Dale Hope is arguably the most knowledgeable man on the planet when it comes to aloha shirts, the loose-fitting, iconic Hawaii top. So it only makes sense that Hope, who has traveled the world collecting rare aloha shirts and even authored a book on them, The Aloha Shirt: Spirit of the Islands, would curate Vintage Lines, a gallery exhibit open to the public through Sept. 30 that aims to show some of the more interesting pieces in Hope’s personal collection.
Set up on the first floor of the IBM Building in Ward Village, Hope has displayed a few dozen aloha shirts in glass frames. While the garment may just be nice to look at, there’s a story behind each and every shirt. Hope’s showing me one of the earliest examples of an aloha shirt, which really resembles more of flannel. “This one’s from the 1920’s,” says Hope, “and it was called a palaka.” Hope tells me that after it became normal attire for farmers and paniolo, the shirt gained widespread popularity, as it became a symbol of being a local Hawaii resident.
From there, Hope shows me a shirt that features Hawaii-inspired designs you’d likely see on aloha shirts today. “Those early shirts, which were designed by Japanese artists, had Mount Fuji, bamboo boats, cherry blossoms and all that,” says Hope, “and then a couple of years later, Hawaii artists said ‘Hey, instead of Mount Fuji, we’ll put Diamond Head and instead of cherry blossoms, we’ll put Hawaiian flowers and hula dancers.’” The shirt I’m looking at now features all of those designs; however, the hula dancers portrayed still have Japanese facial features. The shirt, found by Hope in Japan on the top shelf of a vintage shop, has a tag that reads “Waikiki Shirts,” a label Hope himself had never seen before.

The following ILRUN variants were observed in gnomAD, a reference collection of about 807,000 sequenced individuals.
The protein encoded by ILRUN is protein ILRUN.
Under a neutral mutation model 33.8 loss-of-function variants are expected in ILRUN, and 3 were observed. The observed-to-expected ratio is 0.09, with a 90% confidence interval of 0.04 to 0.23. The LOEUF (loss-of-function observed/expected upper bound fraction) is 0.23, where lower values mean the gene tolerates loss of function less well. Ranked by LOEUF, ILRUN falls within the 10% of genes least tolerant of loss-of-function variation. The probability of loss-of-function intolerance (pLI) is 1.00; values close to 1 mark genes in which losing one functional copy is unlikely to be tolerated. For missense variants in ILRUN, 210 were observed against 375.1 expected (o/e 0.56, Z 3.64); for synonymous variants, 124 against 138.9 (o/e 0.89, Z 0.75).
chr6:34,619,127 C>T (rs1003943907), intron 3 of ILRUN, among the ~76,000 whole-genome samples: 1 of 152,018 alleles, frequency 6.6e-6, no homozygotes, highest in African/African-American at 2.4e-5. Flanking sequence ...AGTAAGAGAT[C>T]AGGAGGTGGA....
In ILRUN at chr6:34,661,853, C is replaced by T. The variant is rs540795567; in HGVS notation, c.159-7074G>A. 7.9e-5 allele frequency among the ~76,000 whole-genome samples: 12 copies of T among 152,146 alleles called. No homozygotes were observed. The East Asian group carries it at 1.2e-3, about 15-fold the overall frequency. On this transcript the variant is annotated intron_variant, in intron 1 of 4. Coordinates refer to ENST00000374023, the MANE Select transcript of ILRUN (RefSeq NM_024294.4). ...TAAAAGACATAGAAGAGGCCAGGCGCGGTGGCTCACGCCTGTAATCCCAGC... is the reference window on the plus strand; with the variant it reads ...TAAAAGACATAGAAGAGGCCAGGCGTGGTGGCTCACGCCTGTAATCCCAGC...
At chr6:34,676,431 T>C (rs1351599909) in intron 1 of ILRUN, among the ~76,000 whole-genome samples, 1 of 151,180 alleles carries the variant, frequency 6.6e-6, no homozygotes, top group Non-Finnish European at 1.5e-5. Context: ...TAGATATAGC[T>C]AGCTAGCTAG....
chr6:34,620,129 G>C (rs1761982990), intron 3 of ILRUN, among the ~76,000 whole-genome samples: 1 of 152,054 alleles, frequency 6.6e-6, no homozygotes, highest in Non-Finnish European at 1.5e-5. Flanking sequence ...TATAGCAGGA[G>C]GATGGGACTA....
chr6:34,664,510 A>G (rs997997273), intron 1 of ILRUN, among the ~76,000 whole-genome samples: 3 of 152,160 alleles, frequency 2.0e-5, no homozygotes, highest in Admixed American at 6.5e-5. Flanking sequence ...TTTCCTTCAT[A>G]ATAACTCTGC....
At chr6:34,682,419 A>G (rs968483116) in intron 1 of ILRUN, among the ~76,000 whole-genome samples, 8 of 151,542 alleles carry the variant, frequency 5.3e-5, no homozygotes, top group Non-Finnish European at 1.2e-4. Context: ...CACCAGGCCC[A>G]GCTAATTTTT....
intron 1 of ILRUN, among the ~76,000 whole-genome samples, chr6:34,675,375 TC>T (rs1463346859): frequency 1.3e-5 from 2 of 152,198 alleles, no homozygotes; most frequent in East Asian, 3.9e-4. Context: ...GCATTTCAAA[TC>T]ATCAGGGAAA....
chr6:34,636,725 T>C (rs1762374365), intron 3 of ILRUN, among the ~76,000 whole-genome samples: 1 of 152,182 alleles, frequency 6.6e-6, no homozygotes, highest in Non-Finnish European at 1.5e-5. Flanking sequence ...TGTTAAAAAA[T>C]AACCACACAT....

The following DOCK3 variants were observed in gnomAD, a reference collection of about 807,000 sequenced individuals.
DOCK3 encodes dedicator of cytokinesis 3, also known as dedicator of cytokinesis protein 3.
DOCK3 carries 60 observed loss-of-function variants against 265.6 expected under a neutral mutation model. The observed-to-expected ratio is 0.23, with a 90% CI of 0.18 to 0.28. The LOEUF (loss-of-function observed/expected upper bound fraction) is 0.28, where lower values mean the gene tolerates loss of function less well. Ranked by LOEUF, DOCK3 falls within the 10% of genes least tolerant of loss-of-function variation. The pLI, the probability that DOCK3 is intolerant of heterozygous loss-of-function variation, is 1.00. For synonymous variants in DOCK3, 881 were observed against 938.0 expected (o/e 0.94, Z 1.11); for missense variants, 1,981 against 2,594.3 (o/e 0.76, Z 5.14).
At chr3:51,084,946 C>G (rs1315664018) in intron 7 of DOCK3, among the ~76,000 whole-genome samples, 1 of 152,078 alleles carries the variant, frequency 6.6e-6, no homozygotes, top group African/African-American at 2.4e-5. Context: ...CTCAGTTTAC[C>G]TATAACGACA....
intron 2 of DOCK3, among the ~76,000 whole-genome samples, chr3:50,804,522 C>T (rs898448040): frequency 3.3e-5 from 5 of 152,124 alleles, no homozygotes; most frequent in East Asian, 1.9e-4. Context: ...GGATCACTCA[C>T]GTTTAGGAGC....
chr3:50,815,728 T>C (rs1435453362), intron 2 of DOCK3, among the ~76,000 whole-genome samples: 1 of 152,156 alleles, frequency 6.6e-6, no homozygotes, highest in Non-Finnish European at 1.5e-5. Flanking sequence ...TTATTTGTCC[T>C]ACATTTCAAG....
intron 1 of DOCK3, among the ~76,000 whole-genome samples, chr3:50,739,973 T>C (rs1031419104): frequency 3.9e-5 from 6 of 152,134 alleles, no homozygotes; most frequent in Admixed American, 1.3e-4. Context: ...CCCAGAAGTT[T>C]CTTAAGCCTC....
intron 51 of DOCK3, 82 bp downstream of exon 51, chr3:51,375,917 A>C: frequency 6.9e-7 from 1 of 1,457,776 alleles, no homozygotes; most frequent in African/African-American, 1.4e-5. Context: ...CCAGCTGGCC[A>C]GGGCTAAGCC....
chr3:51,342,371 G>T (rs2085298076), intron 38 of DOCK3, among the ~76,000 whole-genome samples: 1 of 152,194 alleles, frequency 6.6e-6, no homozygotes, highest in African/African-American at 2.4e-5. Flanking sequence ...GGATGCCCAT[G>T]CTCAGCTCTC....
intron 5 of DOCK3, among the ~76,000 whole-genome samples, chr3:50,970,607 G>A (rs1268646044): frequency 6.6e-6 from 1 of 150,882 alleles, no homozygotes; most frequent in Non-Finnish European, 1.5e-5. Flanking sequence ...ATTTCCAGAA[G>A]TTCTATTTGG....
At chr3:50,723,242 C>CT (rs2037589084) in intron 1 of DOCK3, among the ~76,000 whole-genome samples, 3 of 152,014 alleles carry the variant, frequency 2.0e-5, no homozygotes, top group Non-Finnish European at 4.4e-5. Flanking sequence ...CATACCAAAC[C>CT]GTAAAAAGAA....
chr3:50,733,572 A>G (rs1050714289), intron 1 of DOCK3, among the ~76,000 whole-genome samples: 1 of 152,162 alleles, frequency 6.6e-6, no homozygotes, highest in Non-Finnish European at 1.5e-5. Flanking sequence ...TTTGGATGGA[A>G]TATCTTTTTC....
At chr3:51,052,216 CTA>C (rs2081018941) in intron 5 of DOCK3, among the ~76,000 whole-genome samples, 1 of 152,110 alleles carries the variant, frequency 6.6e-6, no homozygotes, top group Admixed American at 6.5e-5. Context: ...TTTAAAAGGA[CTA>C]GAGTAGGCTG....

Walking through the gallery, the evolution of the aloha shirt also becomes apparent as you move toward the more modern aloha shirts we know today. Cuts change, the number of buttons increases, fabrics move away from the crinkly, pebbly crepe to cotton and rayon. Most importantly, however, are that the actual designs of the aloha shirt begin to transition from what off-island manufacturers thought Hawaii looked like to more sophisticated, Hawaiian designs.
“This shirt today would probably sell for more than $5,000,” says Hope, showing me one of his favorite pieces, an aloha shirt featuring a large, Tahitian man carrying bananas, drawn by artist Wolfgang Wolf. Creating the design in a concentration camp in Tahiti with art supplies smuggled in to Wolf by his wife–the couple had fled from Germany to Tahiti as World War II started–Hope explains the story to me in acute detail. And there are stories such as this everywhere you look in the Vintage Lines exhibit; however, the only question I had left to ask Hope was simple: How many aloha shirts does he own? “I probably have a thousand shirts,” says Hope. “But I wouldn’t want to wear any of them because they’re so priceless and irreplaceable.”
Vintage Lines is open now through Sept. 30, daily from 10 a.m. to 5 p.m., Ward Village First Floor Gallery, 1240 Ala Moana Boulevard, Honolulu, Oahu. For more information, visit the gallery’s website here.